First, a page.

Serving his country in Iraq since December, Maj. George Adams of Nineveh won’t admit he gets homesick, but he said there is plenty about home that he misses.
“I wouldn’t say I get homesick, but I always miss home … and the people,” said Adams, who was on a leave after the death of his son. “I just miss being able to go out to a movie or watch ballgames on TV.”
An Army National Guard member for nearly 20 years, Adams, 50, was surprised to receive a letter in September that said he would be heading to Iraq for an 18-month stay.
He shipped out Dec. 16 to Al Kut, a city 100 miles southeast of Baghdad. There he is senior officer and U.S. representative for the southern region, as well as first commandant of the Southern Iraq Regional Police and Military Academy, where he oversaw the construction of the facility and helps with the training of Iraqis for police work, military service and border patrol.
Not long after he arrived at his station, Adams was pleased to discover a letter saying he would be receiving care packages from the 4-H Clover Rovers club back home.
“They just started coming one day,” Adams said.
Back home in Nineveh, word had spread that Adams was serving in Iraq. Sandy Adams (no relation) of the Nineveh 4-H Clover Rovers caught wind of the situation and informed her club.
They voted to adopt Adams as one of their own, sending packages to him once a month with money the club garnered at fund-raisers.
In charge of putting together the packages and getting them sent out is the club’s community leader, 12-year-old Indian Creek Middle School student Hannah Leap.
“She’s a great leader and officer,” Adams said of the four-year Clover Rover member. “She’s one of the best I’ve seen. We’re very fortunate to have her.”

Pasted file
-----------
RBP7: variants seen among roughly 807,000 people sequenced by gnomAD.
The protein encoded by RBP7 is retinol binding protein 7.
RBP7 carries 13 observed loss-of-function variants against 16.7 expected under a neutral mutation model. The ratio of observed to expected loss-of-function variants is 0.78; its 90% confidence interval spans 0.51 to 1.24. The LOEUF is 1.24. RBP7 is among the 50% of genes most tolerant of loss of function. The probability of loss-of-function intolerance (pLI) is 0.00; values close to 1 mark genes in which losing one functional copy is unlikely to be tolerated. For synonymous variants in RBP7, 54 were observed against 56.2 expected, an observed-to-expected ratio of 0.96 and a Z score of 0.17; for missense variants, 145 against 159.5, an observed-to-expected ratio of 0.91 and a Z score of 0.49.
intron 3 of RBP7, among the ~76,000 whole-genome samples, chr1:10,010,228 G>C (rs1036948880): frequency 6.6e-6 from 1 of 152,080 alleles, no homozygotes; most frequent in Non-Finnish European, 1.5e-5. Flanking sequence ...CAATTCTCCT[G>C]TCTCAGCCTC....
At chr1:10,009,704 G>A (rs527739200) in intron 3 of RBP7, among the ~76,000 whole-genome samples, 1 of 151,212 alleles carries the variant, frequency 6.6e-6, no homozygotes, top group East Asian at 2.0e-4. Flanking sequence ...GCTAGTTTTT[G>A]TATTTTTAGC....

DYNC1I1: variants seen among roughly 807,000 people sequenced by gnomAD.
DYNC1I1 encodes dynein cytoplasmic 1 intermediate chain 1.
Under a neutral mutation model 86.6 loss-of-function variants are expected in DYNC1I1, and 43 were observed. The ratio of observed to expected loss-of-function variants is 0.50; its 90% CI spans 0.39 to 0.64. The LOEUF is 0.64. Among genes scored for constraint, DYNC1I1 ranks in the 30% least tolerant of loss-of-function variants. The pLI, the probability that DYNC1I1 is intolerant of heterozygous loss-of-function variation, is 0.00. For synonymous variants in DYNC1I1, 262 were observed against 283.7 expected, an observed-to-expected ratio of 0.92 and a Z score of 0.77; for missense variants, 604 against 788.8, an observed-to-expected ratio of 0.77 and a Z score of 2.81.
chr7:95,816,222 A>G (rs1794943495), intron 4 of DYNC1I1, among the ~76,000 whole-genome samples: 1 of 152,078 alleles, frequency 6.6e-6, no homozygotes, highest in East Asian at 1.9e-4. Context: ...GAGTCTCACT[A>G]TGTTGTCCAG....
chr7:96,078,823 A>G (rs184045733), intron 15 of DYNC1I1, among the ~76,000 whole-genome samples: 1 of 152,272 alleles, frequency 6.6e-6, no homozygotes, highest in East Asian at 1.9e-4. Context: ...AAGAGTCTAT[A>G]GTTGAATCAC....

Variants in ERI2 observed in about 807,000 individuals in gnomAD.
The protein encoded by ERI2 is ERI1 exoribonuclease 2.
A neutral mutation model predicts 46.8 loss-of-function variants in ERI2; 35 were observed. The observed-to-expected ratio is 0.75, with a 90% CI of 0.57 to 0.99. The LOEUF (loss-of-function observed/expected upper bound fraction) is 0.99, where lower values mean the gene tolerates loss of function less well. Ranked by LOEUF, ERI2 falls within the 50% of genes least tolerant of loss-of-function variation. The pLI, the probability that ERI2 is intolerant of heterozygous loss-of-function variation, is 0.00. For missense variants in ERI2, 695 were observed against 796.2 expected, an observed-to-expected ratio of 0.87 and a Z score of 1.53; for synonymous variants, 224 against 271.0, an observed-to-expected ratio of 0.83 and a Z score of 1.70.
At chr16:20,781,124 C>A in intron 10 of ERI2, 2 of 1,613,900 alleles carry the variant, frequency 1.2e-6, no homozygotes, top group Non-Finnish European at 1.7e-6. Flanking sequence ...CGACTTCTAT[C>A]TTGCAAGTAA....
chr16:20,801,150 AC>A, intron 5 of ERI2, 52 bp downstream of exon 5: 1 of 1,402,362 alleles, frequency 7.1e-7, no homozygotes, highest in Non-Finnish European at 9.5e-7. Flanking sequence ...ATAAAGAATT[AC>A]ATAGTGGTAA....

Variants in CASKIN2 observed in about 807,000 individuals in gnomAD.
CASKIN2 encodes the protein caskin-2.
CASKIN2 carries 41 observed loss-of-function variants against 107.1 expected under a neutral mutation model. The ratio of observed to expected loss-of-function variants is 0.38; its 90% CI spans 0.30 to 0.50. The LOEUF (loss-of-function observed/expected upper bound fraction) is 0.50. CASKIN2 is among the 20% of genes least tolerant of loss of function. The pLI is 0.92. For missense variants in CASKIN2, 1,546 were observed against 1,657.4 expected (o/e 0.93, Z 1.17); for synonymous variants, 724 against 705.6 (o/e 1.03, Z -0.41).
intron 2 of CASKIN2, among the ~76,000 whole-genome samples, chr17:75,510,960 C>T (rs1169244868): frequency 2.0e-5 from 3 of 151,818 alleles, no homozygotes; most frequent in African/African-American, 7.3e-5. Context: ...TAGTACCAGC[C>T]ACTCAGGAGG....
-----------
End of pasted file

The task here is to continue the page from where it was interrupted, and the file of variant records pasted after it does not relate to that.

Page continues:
Every month, Leap goes shopping for the packages, picking out and preparing the items before shipping them to Iraq. Sometimes members of the club vote on what to send Adams, choosing themes for the packages such as snacks or hygiene.
Other times, it’s all up to Leap.
“I think it’s a great learning experience,” Leap’s mother, Julie, said. “She’s learning how to help others that need help.”
With toothpaste, crackers, gum and various other snacks and goods heading his way from back home, Adams said he is always grateful to receive a package.
“It’s just nice to know someone is thinking about you,” he said. “It’s very much a morale builder."
Adams said he often shares the contents of his packages with other soldiers and Iraqi children.
“When we open a box, everything is usually eaten in 10 or 15 minutes,” he said with a chuckle. “If I ate all the treats they sent me, though, I’d be as big as a barn.”
Eventually Leap wrote a letter to Adams, describing her part in sending the packages.
Upon receiving the letter, Adams rewarded Leap with a package of her own, containing a letter, a map of Iraq, a disk with video footage and pictures of his stay and an Iraqi police hat.
“It makes me feel good to know I’m helping him out,” Leap said. “I feel proud.”
Even though the 4-H meetings are over until November, Leap will continue to send the monthly parcels.
This is good news to Adams, as he has received word that his stay might be extended.
“Those packages mean a lot more than what’s in them,” Adams said. “It makes me feel a little bit of home.”